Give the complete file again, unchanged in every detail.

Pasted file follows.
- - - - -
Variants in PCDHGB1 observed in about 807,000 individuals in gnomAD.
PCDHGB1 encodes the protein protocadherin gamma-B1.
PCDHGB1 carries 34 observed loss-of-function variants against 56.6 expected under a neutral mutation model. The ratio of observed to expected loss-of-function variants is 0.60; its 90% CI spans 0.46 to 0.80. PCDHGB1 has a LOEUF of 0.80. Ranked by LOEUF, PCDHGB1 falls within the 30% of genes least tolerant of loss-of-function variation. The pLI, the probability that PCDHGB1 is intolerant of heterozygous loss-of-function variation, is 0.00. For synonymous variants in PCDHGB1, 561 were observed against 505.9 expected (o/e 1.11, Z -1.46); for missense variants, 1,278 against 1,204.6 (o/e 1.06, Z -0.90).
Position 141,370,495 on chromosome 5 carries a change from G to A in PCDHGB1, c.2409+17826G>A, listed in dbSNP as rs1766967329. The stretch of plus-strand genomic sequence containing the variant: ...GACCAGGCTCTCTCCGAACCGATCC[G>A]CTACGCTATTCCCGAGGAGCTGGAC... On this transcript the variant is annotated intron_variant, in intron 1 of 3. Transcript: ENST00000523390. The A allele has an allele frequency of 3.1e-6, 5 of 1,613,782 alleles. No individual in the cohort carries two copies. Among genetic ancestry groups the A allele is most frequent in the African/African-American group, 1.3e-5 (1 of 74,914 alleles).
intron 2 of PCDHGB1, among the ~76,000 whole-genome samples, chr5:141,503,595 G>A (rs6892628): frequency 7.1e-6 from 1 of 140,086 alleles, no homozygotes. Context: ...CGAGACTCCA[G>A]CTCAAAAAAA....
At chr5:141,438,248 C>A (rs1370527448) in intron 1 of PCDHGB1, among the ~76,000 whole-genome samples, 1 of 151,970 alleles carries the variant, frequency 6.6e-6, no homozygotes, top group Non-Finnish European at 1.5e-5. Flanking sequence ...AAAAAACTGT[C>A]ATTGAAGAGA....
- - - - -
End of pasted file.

Variants in PCDHGB1 observed in about 807,000 individuals in gnomAD.
PCDHGB1 encodes the protein protocadherin gamma-B1.
PCDHGB1 carries 34 observed loss-of-function variants against 56.6 expected under a neutral mutation model. The ratio of observed to expected loss-of-function variants is 0.60; its 90% CI spans 0.46 to 0.80. PCDHGB1 has a LOEUF of 0.80. Ranked by LOEUF, PCDHGB1 falls within the 30% of genes least tolerant of loss-of-function variation. The pLI, the probability that PCDHGB1 is intolerant of heterozygous loss-of-function variation, is 0.00. For synonymous variants in PCDHGB1, 561 were observed against 505.9 expected (o/e 1.11, Z -1.46); for missense variants, 1,278 against 1,204.6 (o/e 1.06, Z -0.90).
Position 141,370,495 on chromosome 5 carries a change from G to A in PCDHGB1, c.2409+17826G>A, listed in dbSNP as rs1766967329. The stretch of plus-strand genomic sequence containing the variant: ...GACCAGGCTCTCTCCGAACCGATCC[G>A]CTACGCTATTCCCGAGGAGCTGGAC... On this transcript the variant is annotated intron_variant, in intron 1 of 3. Transcript: ENST00000523390. The A allele has an allele frequency of 3.1e-6, 5 of 1,613,782 alleles. No individual in the cohort carries two copies. Among genetic ancestry groups the A allele is most frequent in the African/African-American group, 1.3e-5 (1 of 74,914 alleles).
intron 2 of PCDHGB1, among the ~76,000 whole-genome samples, chr5:141,503,595 G>A (rs6892628): frequency 7.1e-6 from 1 of 140,086 alleles, no homozygotes. Context: ...CGAGACTCCA[G>A]CTCAAAAAAA....
At chr5:141,438,248 C>A (rs1370527448) in intron 1 of PCDHGB1, among the ~76,000 whole-genome samples, 1 of 151,970 alleles carries the variant, frequency 6.6e-6, no homozygotes, top group Non-Finnish European at 1.5e-5. Flanking sequence ...AAAAAACTGT[C>A]ATTGAAGAGA....